DeBerry's mother, Linda Wilson, now living in Detroit, said in those years she was addicted to drugs and alcohol and her home life was in turmoil.
"I kind of remember having a conversation (about the relative who babysat) but not quite comprehending what she was saying," said Wilson. "A lot of things I put out of my mind and blacked it out back then."
But she said of her daughter, "She's got a good memory. Ardren don't forget nothing. ... If Ardren said things happened to her, it happened to her."
She called her daughter "a good mother and a very good person."
Efforts to reach DeBerry's father were not successful.
DeBerry graduated from Manassas High and made a life for herself. But in 2001, her sister died at age 24. In 2005, after her grandmother died, DeBerry spiraled into depression and didn't return to work for a month. Eventually she realized she had her children to live for. She got professional counseling and returned to work.
Tall and attractive, she began to check out modeling, and in 2006 found Anner Echols, founder of AJE Productions, who produces local fashion shows that include plus-size models. Echols also teaches poise and grooming classes, and DeBerry joined one for plus-sized women.
"She was real quiet at first," said Echols. "Her feelings were easily hurt."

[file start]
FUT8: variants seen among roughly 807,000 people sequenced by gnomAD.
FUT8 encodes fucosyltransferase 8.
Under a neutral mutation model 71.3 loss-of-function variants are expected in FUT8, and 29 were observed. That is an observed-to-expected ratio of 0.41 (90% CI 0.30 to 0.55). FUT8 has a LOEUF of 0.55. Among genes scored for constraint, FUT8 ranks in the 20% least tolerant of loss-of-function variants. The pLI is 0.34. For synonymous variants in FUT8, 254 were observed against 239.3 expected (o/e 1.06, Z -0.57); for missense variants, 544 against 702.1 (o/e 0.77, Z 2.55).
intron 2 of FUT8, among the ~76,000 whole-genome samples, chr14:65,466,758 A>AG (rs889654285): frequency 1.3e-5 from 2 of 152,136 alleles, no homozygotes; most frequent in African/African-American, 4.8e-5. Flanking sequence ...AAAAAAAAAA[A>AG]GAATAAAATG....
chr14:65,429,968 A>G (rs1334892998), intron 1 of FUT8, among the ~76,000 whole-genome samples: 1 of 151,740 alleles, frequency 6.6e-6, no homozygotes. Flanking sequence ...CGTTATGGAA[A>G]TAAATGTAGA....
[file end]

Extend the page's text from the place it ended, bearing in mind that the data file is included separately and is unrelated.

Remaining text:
She wore almost no makeup. Yet she found support there and soon became one of Echols' best students. She modeled in fashion shows and in local stores for plus-sized women.
"I loved it," she said.
She began regular gym visits and got her weight down to 250 pounds, dropping from size 24 to size 18.
She appeared on Echols' TV show "Dreamland: Where Dreams are Made Real," on Comcast Channel 17, where she spoke about self-esteem problems faced by full-figured women.
"Getting it out, talking about it, helped me feel a little better," she said.
She took the Ms. Tennessee Plus title and later won third place in her age group in the Ms. Plus America pageant in Dallas.
"Some things you never get over," said DeBerry, who still gets counseling. "But that's life. Maybe telling my story will help somebody else."
In the film, Precious finds hope and a chance for self-expression in an alternative school program. DeBerry, who read the novel and was touched by it, has found an outlet on the runway.
She hopes the photos she posed for recently will further her career, perhaps as a model in Los Angeles or New York. Whether that happens or not, her focus is on the future.
-- Barbara Bradley: 529-2370, commercial Appeal
Spotlight on Ms. Adrian Deberry, a Full and Fabulous Model